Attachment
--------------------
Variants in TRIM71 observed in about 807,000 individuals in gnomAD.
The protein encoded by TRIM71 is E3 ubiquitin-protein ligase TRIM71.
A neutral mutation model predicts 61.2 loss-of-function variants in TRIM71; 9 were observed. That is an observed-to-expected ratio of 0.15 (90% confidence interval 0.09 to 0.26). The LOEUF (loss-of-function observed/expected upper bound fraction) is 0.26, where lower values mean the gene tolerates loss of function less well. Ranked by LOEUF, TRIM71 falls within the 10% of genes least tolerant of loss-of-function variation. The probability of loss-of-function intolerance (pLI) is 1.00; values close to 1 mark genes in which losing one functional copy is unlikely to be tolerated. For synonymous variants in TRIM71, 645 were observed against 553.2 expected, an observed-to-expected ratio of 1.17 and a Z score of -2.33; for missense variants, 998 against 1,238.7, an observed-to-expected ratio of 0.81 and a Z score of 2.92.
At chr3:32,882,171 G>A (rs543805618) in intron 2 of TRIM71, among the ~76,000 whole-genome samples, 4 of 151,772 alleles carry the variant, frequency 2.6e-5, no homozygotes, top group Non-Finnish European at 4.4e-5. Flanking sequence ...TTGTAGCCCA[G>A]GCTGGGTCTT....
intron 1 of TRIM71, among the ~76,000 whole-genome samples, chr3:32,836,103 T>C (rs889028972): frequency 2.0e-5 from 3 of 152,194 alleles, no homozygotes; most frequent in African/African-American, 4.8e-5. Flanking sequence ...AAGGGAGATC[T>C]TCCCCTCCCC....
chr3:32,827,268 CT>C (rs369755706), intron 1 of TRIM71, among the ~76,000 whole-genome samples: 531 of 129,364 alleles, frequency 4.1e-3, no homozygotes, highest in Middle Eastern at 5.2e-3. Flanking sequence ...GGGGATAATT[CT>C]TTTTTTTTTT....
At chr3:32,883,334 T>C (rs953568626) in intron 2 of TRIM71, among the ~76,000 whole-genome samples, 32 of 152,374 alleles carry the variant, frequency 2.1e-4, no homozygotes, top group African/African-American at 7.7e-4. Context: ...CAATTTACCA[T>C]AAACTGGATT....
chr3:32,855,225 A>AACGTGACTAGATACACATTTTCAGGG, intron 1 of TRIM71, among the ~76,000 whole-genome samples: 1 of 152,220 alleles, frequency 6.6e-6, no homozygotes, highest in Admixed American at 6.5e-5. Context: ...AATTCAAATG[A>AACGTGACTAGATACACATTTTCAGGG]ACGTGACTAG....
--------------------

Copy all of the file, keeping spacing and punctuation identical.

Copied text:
Variants in TRIM71 observed in about 807,000 individuals in gnomAD.
The protein encoded by TRIM71 is E3 ubiquitin-protein ligase TRIM71.
A neutral mutation model predicts 61.2 loss-of-function variants in TRIM71; 9 were observed. That is an observed-to-expected ratio of 0.15 (90% confidence interval 0.09 to 0.26). The LOEUF (loss-of-function observed/expected upper bound fraction) is 0.26, where lower values mean the gene tolerates loss of function less well. Ranked by LOEUF, TRIM71 falls within the 10% of genes least tolerant of loss-of-function variation. The probability of loss-of-function intolerance (pLI) is 1.00; values close to 1 mark genes in which losing one functional copy is unlikely to be tolerated. For synonymous variants in TRIM71, 645 were observed against 553.2 expected, an observed-to-expected ratio of 1.17 and a Z score of -2.33; for missense variants, 998 against 1,238.7, an observed-to-expected ratio of 0.81 and a Z score of 2.92.
At chr3:32,882,171 G>A (rs543805618) in intron 2 of TRIM71, among the ~76,000 whole-genome samples, 4 of 151,772 alleles carry the variant, frequency 2.6e-5, no homozygotes, top group Non-Finnish European at 4.4e-5. Flanking sequence ...TTGTAGCCCA[G>A]GCTGGGTCTT....
intron 1 of TRIM71, among the ~76,000 whole-genome samples, chr3:32,836,103 T>C (rs889028972): frequency 2.0e-5 from 3 of 152,194 alleles, no homozygotes; most frequent in African/African-American, 4.8e-5. Flanking sequence ...AAGGGAGATC[T>C]TCCCCTCCCC....
chr3:32,827,268 CT>C (rs369755706), intron 1 of TRIM71, among the ~76,000 whole-genome samples: 531 of 129,364 alleles, frequency 4.1e-3, no homozygotes, highest in Middle Eastern at 5.2e-3. Flanking sequence ...GGGGATAATT[CT>C]TTTTTTTTTT....
At chr3:32,883,334 T>C (rs953568626) in intron 2 of TRIM71, among the ~76,000 whole-genome samples, 32 of 152,374 alleles carry the variant, frequency 2.1e-4, no homozygotes, top group African/African-American at 7.7e-4. Context: ...CAATTTACCA[T>C]AAACTGGATT....
chr3:32,855,225 A>AACGTGACTAGATACACATTTTCAGGG, intron 1 of TRIM71, among the ~76,000 whole-genome samples: 1 of 152,220 alleles, frequency 6.6e-6, no homozygotes, highest in Admixed American at 6.5e-5. Context: ...AATTCAAATG[A>AACGTGACTAGATACACATTTTCAGGG]ACGTGACTAG....